Kosovo: Bears in rehab near Prishtina



A short drive east from Prishtina brings you to the Four Paws Bear Sanctuary. Here, staff are quietly getting on with the highly unusual task of rescuing brown bears. Many of them were so-called ‘restaurant bears’ kept in cages to be visitor attractions, or else they are bears previously owned as ‘pets’. It seems extraordinary in this day and age, that these amazing animals are still enduring years of trauma, chained or held in cages that are far too small for them to move around. Sometimes the mother is killed so the cubs can be snatched at an early age. As cubs need their mother’s training to enable them to forage and survive, the effect on them is life long. They will never go back to the wild, in any sense.

Here are some caged bear cubs we saw a year ago, outside a hotel in Albania. We were horrified. The cage was situated on a hot jetty, with no shade. They were chewing each

'Restaurant bears' near Divjake, Albania

‘Restaurant bears’ near Divjake, Albania

other’s ears in a strange, obsessive way and making a weird mewling noise.

So thank goodness there are places like Four Paws. Here, newly rescued animals are introduced into larger spaces, and then into reserves similar to a bear’s natural habitat with water holes and shady cover. The staff told us they find various ways to stimulate the bears, such as hiding the food from some of the more established ones, to get them to forage and rediscover their natural instincts. The work also includes seeking out bears still in need of rescue, mostly from surrounding countries, as all the bears from Kosovo have, happily, been recovered.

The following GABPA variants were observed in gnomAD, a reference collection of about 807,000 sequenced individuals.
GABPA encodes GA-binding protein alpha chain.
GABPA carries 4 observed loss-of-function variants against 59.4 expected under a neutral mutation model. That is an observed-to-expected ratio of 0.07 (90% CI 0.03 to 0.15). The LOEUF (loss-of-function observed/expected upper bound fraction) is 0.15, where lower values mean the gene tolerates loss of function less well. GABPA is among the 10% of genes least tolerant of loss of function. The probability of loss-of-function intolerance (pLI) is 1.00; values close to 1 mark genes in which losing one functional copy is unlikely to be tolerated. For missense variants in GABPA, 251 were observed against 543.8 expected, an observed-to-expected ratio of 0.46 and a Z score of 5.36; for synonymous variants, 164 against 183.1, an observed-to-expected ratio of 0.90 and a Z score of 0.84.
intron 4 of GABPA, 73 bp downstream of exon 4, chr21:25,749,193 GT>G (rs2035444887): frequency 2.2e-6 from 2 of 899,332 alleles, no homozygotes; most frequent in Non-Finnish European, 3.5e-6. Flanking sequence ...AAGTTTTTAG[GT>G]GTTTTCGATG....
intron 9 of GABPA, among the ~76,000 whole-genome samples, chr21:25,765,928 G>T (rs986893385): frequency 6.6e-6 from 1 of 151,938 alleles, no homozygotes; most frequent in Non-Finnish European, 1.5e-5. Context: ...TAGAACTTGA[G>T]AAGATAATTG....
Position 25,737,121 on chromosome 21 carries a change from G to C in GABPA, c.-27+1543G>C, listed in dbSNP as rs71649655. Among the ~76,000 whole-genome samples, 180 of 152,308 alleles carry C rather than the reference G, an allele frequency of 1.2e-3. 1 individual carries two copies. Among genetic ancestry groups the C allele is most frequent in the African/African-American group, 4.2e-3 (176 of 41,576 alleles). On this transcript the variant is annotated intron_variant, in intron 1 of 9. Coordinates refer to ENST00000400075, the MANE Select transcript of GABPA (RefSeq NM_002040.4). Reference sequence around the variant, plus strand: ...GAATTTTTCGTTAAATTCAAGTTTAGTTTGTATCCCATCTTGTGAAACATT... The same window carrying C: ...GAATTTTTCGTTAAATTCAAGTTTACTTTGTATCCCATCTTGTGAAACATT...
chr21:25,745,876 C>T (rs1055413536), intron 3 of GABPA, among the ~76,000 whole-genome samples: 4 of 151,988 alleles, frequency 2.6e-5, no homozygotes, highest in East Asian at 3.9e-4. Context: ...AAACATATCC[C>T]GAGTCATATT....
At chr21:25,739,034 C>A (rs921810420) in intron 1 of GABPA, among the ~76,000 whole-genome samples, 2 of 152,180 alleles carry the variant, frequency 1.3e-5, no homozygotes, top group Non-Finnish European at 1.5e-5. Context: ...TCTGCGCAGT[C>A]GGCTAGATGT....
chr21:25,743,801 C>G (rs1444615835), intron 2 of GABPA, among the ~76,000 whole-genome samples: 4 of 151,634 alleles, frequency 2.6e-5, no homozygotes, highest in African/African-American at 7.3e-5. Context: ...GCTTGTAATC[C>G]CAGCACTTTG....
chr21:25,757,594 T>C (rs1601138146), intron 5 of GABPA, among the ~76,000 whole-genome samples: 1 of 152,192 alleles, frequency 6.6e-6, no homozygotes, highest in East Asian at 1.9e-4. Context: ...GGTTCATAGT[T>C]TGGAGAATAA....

If you visit the sanctuary you’ll see more than sixteen rescued bears all at various stages of rehabilitation. A panel near the entrance shows just how much it costs to feed one bear for a year: a whopping 3539 euros! Their diet includes fruit, veg, dog pellets, chestnuts and – yay! – honey.  The good news is that the staff were able to trace those Albanian cubs. They have already been rescued, earlier in 2016, by a similar sanctuary in Greece called Arcturos. Hurrah!


The Bear Sanctuary Prishtina is open April- Oct 10.00-19.00hrs; Nov – March 10.00-16.00 hrs. Adults: 1.50 euro; children 0.50 euro. Donate and more at http://www.four-paws.org.uk